Small House of Everything

Small House of Everything

Friday, April 17, 2020


Dark Entry by Basil Copper (1981)

This is the eighth Mike Faraday mystery by Basil Copper that I have read this year so, yes, I am a fan.  Copper wrote over 50 novels about the L.A. private investigator.  I've read not quite half of them.  There's plenty for me to look forward to.

The blurbs on just about every book in the series that I have read call Faraday "the laconic L.A. private investigator."  I don't know who came up with that adjective and I surely don't know why.  Laconic describes a person who uses very few words and, since the books are told in the first person and are heavy on description, that doesn't really apply, although Faraday sometimes does speak in terse sentences.  No matter.

Faraday is in his early 30s and employs only one other person -- his beautiful, ultra-efficient secretary Stella.  Stella's main role is to make coffee, lots of it, and bring out a tin of biscuits.  The author was British and his fictional L.A. native character talks, writes, and speaks in the British idiom; thus cookies are biscuits.  Faraday's favorite cookies biscuits are butter crunch chocolate.)  Faraday will go through six to eight cups before noon (and never have to pee); the coffee supposedly helps him think but I don't think it quite does the job.  Faraday, you see, is a bit of a dim bulb, conveniently missing connections and clues to further the action.  Most of the bright ideas and leads seem to come from Stella.

Faraday also has a few quirks in his narration.  Several times through each book he interrupts the narrative thread to talk to himself (usually mid-paragraph) with such gems like, "You're too poetic, Mike, I told myself" or "You're getting soft, Faraday, I told myself."  Also, Faraday is presented as a low-culture, often crude character but will occasionally make references to classic poetry, art, literature, politics, or history -- all of which can be jarring for the reader. 

Faraday's cases can be solved by coincidence or by deduction (usually aided by Stella).  the deductions often come after the clues keep smacking Faraday on the head multiple times before our hero has a glimmer.

Speaking of smacking Faraday on the head, he's apt to get beat up a lot.  For a pretty mean fighter he clocks in a significant amount of losses.

So why do I like these darned books?  Well, each takes itself very seriously but the reader doesn't have to.  They are just plain fun.  Quick, easy, often forgettable entertainment where each book tends to blend into the other.  Comfort food, like your mother's mac and cheese or tuna sandwiches.

Also Copper is a pretty good writer.  The Faraday series was fairly popular in England.  In America, Copper is better known as a writer of horror and suspense stories, often with a Gothic twist.  His non-Faraday work has deservedly garnered quite a number of fans.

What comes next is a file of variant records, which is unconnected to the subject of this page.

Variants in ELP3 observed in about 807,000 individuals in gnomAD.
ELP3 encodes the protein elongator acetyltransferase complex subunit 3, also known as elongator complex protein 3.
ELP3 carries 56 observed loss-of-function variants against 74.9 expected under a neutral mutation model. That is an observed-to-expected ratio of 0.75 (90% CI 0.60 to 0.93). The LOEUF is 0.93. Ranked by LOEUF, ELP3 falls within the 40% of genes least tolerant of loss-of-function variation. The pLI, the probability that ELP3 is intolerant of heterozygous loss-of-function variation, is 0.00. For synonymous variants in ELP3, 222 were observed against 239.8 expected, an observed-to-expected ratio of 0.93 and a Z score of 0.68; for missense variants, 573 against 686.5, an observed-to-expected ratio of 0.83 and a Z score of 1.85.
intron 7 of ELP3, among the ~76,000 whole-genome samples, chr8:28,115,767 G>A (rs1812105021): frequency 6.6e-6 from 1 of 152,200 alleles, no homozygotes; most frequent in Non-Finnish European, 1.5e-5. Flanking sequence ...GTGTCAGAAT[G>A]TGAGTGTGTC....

On to the book:

Faraday is hired by the head of a large electronics firm to investigate the accidental drowning death of his nephew.  The nephew was sort of a neer-do-well, heavily into gambling and sex.  Shortly before his death, he called his uncle and indicated that he was in some sort of trouble.  Faraday's client has a large beach house, named Wetona (why?  who cares?) in an exclusive area and the nephew often stayed there.  A few miles down the shore, there was a small, fly speck of a town where the body washed up.  The death certificate indicated no foul play.

Farday heads out to the fly speck town of Simpson's landing.  The body was discovered by Dad Harper, the owner of the appropriately named Dad Harper's restaurant.  The local sheriff was unavailable so a couple of state troopers investigated.  A fancy L.A. doctor happened to be driving by and stopped to see if he could be of assistance.  Sure, the cops said.  Why don't you do the autopsy right here, right now so we can get that pesky piece of official  business out of the way?  Sure, said the doctor, and he did the autopsy and determined death was from accidental drowning.  Does that scenario raise a few red flags for our hero?  Well, not yet.

Then it turns out that the doctor who signed the death certificate and did the autopsy was actually in europe at the time -- which seems a mite suspicious.  Then Faraday catches a mysterious figure digging holes in the sand around Wetona during the night.  The mystery person kicks sand in Faraday's eyes and escapes, leaving about a half dozen holes around the property.   Faraday spots an arrow painted on one of the concrete pilings holding up the house, digs there, and finds a metal tool box that contains an expensive women's purse.  Hmm.  Embroidered on the purse are the initials S.D.  (Faraday of course held off opening the toll box for a day just because.)  The Stella tells him that the famous actress Susan Darrow has been reported missing.  So?  The Stella tells him that Susan Darrow's initials are S.D. and slowly the light begins to come on.

And there's a beautiful six foot beauty and a cute little waitress and they're both impressed with Faraday.

Things wrap up  nicely with a deus ex machina rescue and Faraday and Stella celebrate a large fee over coffee and cookies biscuits.

It may sound all pretty silly, but I am addicted.  You might be also.

1 comment:

  1. This comment has been removed by a blog administrator.